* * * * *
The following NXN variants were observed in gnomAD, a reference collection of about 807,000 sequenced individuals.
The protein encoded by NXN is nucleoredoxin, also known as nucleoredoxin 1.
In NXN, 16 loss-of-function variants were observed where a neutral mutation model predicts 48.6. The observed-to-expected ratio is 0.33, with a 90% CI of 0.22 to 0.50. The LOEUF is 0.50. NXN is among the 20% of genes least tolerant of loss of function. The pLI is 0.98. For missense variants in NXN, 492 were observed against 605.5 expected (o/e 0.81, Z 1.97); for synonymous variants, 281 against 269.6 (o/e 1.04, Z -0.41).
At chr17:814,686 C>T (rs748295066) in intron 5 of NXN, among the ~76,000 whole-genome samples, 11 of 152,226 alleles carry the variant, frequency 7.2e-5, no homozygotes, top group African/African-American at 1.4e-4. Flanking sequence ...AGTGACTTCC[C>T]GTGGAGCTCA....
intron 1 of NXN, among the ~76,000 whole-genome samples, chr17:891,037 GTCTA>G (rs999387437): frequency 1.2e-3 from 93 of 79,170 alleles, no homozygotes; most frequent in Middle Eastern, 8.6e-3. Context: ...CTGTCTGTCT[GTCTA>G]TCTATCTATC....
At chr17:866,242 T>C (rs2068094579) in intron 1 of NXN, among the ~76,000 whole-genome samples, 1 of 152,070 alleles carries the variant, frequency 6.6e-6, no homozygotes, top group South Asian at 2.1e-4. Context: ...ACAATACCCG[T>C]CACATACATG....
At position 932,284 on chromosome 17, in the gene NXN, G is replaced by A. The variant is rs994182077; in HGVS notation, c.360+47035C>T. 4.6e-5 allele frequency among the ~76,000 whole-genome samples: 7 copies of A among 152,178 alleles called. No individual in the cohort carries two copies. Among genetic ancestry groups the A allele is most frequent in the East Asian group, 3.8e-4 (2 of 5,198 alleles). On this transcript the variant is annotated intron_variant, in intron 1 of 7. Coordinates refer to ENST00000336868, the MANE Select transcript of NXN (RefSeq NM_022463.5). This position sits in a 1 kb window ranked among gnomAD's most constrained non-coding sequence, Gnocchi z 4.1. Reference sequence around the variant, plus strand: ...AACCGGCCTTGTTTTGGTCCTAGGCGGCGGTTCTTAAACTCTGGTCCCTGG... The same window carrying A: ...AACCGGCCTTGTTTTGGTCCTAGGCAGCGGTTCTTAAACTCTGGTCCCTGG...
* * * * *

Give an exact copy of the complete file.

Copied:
The following NXN variants were observed in gnomAD, a reference collection of about 807,000 sequenced individuals.
The protein encoded by NXN is nucleoredoxin, also known as nucleoredoxin 1.
In NXN, 16 loss-of-function variants were observed where a neutral mutation model predicts 48.6. The observed-to-expected ratio is 0.33, with a 90% CI of 0.22 to 0.50. The LOEUF is 0.50. NXN is among the 20% of genes least tolerant of loss of function. The pLI is 0.98. For missense variants in NXN, 492 were observed against 605.5 expected (o/e 0.81, Z 1.97); for synonymous variants, 281 against 269.6 (o/e 1.04, Z -0.41).
At chr17:814,686 C>T (rs748295066) in intron 5 of NXN, among the ~76,000 whole-genome samples, 11 of 152,226 alleles carry the variant, frequency 7.2e-5, no homozygotes, top group African/African-American at 1.4e-4. Flanking sequence ...AGTGACTTCC[C>T]GTGGAGCTCA....
intron 1 of NXN, among the ~76,000 whole-genome samples, chr17:891,037 GTCTA>G (rs999387437): frequency 1.2e-3 from 93 of 79,170 alleles, no homozygotes; most frequent in Middle Eastern, 8.6e-3. Context: ...CTGTCTGTCT[GTCTA>G]TCTATCTATC....
At chr17:866,242 T>C (rs2068094579) in intron 1 of NXN, among the ~76,000 whole-genome samples, 1 of 152,070 alleles carries the variant, frequency 6.6e-6, no homozygotes, top group South Asian at 2.1e-4. Context: ...ACAATACCCG[T>C]CACATACATG....
At position 932,284 on chromosome 17, in the gene NXN, G is replaced by A. The variant is rs994182077; in HGVS notation, c.360+47035C>T. 4.6e-5 allele frequency among the ~76,000 whole-genome samples: 7 copies of A among 152,178 alleles called. No individual in the cohort carries two copies. Among genetic ancestry groups the A allele is most frequent in the East Asian group, 3.8e-4 (2 of 5,198 alleles). On this transcript the variant is annotated intron_variant, in intron 1 of 7. Coordinates refer to ENST00000336868, the MANE Select transcript of NXN (RefSeq NM_022463.5). This position sits in a 1 kb window ranked among gnomAD's most constrained non-coding sequence, Gnocchi z 4.1. Reference sequence around the variant, plus strand: ...AACCGGCCTTGTTTTGGTCCTAGGCGGCGGTTCTTAAACTCTGGTCCCTGG... The same window carrying A: ...AACCGGCCTTGTTTTGGTCCTAGGCAGCGGTTCTTAAACTCTGGTCCCTGG...